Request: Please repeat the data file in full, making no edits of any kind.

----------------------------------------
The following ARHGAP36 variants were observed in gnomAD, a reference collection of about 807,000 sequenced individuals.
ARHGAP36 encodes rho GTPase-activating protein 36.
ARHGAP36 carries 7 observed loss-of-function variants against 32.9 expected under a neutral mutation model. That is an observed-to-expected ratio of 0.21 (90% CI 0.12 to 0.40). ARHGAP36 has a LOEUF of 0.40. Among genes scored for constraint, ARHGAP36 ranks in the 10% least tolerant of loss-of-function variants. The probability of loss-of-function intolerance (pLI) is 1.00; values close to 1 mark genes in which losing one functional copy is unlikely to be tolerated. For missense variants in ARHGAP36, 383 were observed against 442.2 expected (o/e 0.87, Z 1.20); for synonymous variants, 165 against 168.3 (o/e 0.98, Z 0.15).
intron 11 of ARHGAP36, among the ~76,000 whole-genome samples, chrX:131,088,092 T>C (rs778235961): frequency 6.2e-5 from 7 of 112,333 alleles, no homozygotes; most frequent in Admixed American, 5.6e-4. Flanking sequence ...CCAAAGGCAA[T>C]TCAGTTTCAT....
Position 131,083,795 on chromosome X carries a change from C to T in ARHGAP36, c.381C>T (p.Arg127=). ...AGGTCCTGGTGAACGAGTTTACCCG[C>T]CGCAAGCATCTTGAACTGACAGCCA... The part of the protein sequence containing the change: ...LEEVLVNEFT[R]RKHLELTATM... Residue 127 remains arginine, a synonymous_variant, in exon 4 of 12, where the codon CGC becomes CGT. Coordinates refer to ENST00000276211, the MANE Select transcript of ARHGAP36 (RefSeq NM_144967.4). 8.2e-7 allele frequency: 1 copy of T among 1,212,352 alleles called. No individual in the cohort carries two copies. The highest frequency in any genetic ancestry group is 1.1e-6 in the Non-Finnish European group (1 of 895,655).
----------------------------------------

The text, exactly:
The following ARHGAP36 variants were observed in gnomAD, a reference collection of about 807,000 sequenced individuals.
ARHGAP36 encodes rho GTPase-activating protein 36.
ARHGAP36 carries 7 observed loss-of-function variants against 32.9 expected under a neutral mutation model. That is an observed-to-expected ratio of 0.21 (90% CI 0.12 to 0.40). ARHGAP36 has a LOEUF of 0.40. Among genes scored for constraint, ARHGAP36 ranks in the 10% least tolerant of loss-of-function variants. The probability of loss-of-function intolerance (pLI) is 1.00; values close to 1 mark genes in which losing one functional copy is unlikely to be tolerated. For missense variants in ARHGAP36, 383 were observed against 442.2 expected (o/e 0.87, Z 1.20); for synonymous variants, 165 against 168.3 (o/e 0.98, Z 0.15).
intron 11 of ARHGAP36, among the ~76,000 whole-genome samples, chrX:131,088,092 T>C (rs778235961): frequency 6.2e-5 from 7 of 112,333 alleles, no homozygotes; most frequent in Admixed American, 5.6e-4. Flanking sequence ...CCAAAGGCAA[T>C]TCAGTTTCAT....
Position 131,083,795 on chromosome X carries a change from C to T in ARHGAP36, c.381C>T (p.Arg127=). ...AGGTCCTGGTGAACGAGTTTACCCG[C>T]CGCAAGCATCTTGAACTGACAGCCA... The part of the protein sequence containing the change: ...LEEVLVNEFT[R]RKHLELTATM... Residue 127 remains arginine, a synonymous_variant, in exon 4 of 12, where the codon CGC becomes CGT. Coordinates refer to ENST00000276211, the MANE Select transcript of ARHGAP36 (RefSeq NM_144967.4). 8.2e-7 allele frequency: 1 copy of T among 1,212,352 alleles called. No individual in the cohort carries two copies. The highest frequency in any genetic ancestry group is 1.1e-6 in the Non-Finnish European group (1 of 895,655).